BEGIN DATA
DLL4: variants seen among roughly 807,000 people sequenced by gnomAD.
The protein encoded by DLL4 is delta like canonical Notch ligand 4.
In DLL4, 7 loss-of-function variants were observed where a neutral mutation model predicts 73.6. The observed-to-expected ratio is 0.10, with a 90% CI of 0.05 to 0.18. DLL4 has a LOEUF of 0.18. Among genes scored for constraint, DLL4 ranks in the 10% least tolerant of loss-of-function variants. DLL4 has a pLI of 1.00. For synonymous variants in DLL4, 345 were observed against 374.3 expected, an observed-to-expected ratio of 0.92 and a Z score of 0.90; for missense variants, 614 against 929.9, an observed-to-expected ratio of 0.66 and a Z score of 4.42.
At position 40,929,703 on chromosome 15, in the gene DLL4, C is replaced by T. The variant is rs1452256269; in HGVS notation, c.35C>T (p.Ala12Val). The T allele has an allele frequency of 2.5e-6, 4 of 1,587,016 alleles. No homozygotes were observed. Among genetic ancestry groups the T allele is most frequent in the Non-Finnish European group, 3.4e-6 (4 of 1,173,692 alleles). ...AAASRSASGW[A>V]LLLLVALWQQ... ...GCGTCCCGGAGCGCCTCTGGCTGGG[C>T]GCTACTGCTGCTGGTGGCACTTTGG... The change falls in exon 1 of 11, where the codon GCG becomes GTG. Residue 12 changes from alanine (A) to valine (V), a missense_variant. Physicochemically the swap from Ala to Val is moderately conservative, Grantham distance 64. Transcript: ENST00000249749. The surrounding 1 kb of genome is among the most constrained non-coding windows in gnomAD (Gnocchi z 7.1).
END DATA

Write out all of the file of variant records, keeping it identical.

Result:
DLL4: variants seen among roughly 807,000 people sequenced by gnomAD.
The protein encoded by DLL4 is delta like canonical Notch ligand 4.
In DLL4, 7 loss-of-function variants were observed where a neutral mutation model predicts 73.6. The observed-to-expected ratio is 0.10, with a 90% CI of 0.05 to 0.18. DLL4 has a LOEUF of 0.18. Among genes scored for constraint, DLL4 ranks in the 10% least tolerant of loss-of-function variants. DLL4 has a pLI of 1.00. For synonymous variants in DLL4, 345 were observed against 374.3 expected, an observed-to-expected ratio of 0.92 and a Z score of 0.90; for missense variants, 614 against 929.9, an observed-to-expected ratio of 0.66 and a Z score of 4.42.
At position 40,929,703 on chromosome 15, in the gene DLL4, C is replaced by T. The variant is rs1452256269; in HGVS notation, c.35C>T (p.Ala12Val). The T allele has an allele frequency of 2.5e-6, 4 of 1,587,016 alleles. No homozygotes were observed. Among genetic ancestry groups the T allele is most frequent in the Non-Finnish European group, 3.4e-6 (4 of 1,173,692 alleles). ...AAASRSASGW[A>V]LLLLVALWQQ... ...GCGTCCCGGAGCGCCTCTGGCTGGG[C>T]GCTACTGCTGCTGGTGGCACTTTGG... The change falls in exon 1 of 11, where the codon GCG becomes GTG. Residue 12 changes from alanine (A) to valine (V), a missense_variant. Physicochemically the swap from Ala to Val is moderately conservative, Grantham distance 64. Transcript: ENST00000249749. The surrounding 1 kb of genome is among the most constrained non-coding windows in gnomAD (Gnocchi z 7.1).